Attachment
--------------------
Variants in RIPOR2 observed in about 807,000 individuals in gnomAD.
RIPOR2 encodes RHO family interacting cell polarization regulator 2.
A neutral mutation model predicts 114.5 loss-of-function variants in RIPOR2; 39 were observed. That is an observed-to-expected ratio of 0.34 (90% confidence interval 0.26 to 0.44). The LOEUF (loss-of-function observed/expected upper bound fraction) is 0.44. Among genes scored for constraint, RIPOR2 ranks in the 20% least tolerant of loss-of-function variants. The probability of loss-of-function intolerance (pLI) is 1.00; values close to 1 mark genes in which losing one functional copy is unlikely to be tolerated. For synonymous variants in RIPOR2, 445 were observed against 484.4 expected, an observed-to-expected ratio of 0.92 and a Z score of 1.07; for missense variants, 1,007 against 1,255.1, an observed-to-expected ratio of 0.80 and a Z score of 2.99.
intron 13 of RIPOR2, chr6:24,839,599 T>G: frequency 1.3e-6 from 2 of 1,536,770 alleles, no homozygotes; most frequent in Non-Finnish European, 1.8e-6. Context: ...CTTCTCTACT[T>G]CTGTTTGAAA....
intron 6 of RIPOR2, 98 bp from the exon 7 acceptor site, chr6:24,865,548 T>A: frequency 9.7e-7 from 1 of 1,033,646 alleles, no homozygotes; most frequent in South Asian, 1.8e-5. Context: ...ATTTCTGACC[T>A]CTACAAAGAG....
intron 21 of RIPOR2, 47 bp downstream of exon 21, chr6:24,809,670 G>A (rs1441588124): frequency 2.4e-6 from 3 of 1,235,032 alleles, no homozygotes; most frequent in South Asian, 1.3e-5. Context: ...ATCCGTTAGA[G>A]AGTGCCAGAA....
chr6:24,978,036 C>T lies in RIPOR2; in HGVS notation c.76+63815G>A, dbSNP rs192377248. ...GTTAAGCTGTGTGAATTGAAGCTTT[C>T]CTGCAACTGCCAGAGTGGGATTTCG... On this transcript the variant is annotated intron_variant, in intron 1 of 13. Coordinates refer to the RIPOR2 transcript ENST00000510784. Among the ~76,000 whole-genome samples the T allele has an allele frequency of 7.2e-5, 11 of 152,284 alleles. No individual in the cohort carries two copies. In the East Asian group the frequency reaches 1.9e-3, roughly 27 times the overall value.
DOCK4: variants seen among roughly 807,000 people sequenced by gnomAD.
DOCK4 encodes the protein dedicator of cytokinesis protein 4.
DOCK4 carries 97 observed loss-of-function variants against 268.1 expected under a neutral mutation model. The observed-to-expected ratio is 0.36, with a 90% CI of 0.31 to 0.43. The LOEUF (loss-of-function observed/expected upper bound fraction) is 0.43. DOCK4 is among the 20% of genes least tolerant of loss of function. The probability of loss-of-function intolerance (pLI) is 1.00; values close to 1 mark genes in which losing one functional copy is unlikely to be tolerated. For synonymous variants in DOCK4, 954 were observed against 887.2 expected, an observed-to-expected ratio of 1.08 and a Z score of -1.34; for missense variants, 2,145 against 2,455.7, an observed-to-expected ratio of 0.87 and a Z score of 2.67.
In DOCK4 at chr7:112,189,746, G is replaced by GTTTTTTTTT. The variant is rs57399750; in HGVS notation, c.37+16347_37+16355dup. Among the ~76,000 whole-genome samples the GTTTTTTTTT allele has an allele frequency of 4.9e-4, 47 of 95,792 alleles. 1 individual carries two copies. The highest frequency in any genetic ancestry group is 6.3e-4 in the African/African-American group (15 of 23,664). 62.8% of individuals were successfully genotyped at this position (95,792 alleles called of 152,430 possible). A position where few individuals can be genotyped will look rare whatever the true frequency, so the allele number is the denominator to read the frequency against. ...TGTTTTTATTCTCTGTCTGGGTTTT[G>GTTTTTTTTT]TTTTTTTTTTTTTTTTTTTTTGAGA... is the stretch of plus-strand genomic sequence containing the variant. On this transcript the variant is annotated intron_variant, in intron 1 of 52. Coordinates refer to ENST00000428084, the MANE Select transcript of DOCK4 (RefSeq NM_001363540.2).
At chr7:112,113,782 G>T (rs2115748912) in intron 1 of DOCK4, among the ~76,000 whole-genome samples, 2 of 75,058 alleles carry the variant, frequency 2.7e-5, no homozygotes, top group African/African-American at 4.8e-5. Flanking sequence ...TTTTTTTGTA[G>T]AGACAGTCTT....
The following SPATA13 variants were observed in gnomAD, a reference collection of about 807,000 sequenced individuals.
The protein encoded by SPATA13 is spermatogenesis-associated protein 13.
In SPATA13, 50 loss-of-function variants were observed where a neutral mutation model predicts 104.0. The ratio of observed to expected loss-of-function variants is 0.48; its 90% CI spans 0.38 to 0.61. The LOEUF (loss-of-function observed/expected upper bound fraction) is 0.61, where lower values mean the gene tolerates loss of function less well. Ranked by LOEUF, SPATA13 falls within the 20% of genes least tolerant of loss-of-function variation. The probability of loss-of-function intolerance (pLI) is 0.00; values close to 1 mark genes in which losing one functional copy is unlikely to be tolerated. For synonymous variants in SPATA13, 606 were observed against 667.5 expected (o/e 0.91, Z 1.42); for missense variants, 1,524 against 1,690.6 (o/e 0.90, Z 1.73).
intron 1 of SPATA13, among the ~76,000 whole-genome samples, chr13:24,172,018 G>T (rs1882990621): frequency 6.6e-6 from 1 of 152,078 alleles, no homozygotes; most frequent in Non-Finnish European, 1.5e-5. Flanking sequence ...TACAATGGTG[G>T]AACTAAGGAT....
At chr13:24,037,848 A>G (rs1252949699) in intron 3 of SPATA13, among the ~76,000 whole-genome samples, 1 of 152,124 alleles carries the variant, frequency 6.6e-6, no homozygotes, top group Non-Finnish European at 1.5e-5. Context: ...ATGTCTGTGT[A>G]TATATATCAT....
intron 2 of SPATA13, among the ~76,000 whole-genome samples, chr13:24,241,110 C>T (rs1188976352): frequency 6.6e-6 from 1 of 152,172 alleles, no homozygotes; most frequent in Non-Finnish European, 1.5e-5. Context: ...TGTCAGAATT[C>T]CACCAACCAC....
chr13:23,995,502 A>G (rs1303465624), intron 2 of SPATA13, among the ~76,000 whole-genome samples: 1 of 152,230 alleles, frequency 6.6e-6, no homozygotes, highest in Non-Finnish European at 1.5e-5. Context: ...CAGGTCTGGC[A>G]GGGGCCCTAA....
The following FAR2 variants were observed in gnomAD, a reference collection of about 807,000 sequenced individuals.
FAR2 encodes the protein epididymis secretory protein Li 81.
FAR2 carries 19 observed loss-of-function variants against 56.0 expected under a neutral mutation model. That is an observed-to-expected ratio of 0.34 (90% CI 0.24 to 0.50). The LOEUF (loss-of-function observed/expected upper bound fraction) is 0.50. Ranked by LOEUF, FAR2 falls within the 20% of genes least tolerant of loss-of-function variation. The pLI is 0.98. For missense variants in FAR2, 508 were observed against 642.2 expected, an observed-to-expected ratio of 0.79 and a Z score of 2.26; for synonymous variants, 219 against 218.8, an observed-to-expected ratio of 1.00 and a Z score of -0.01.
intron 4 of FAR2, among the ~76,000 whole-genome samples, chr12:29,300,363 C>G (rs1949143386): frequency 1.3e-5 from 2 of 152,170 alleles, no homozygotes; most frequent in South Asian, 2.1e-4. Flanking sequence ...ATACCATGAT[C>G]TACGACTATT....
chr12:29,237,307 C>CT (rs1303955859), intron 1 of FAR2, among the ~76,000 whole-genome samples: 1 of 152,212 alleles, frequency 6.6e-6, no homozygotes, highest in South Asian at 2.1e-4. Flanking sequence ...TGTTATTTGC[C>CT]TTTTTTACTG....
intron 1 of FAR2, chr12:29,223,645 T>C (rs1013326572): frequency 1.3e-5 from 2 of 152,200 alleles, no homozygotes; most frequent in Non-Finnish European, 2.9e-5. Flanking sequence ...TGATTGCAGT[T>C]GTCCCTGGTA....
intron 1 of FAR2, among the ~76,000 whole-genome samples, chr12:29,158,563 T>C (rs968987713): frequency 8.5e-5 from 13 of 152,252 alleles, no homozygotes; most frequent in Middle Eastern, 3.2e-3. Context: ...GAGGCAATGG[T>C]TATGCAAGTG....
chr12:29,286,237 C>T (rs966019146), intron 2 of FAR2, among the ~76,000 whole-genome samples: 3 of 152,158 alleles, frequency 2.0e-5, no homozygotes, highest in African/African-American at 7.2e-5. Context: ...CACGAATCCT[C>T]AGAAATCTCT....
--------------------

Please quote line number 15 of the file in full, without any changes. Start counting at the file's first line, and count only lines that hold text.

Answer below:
In SPATA13, 50 loss-of-function variants were observed where a neutral mutation model predicts 104.0. The ratio of observed to expected loss-of-function variants is 0.48; its 90% CI spans 0.38 to 0.61. The LOEUF (loss-of-function observed/expected upper bound fraction) is 0.61, where lower values mean the gene tolerates loss of function less well. Ranked by LOEUF, SPATA13 falls within the 20% of genes least tolerant of loss-of-function variation. The probability of loss-of-function intolerance (pLI) is 0.00; values close to 1 mark genes in which losing one functional copy is unlikely to be tolerated. For synonymous variants in SPATA13, 606 were observed against 667.5 expected (o/e 0.91, Z 1.42); for missense variants, 1,524 against 1,690.6 (o/e 0.90, Z 1.73).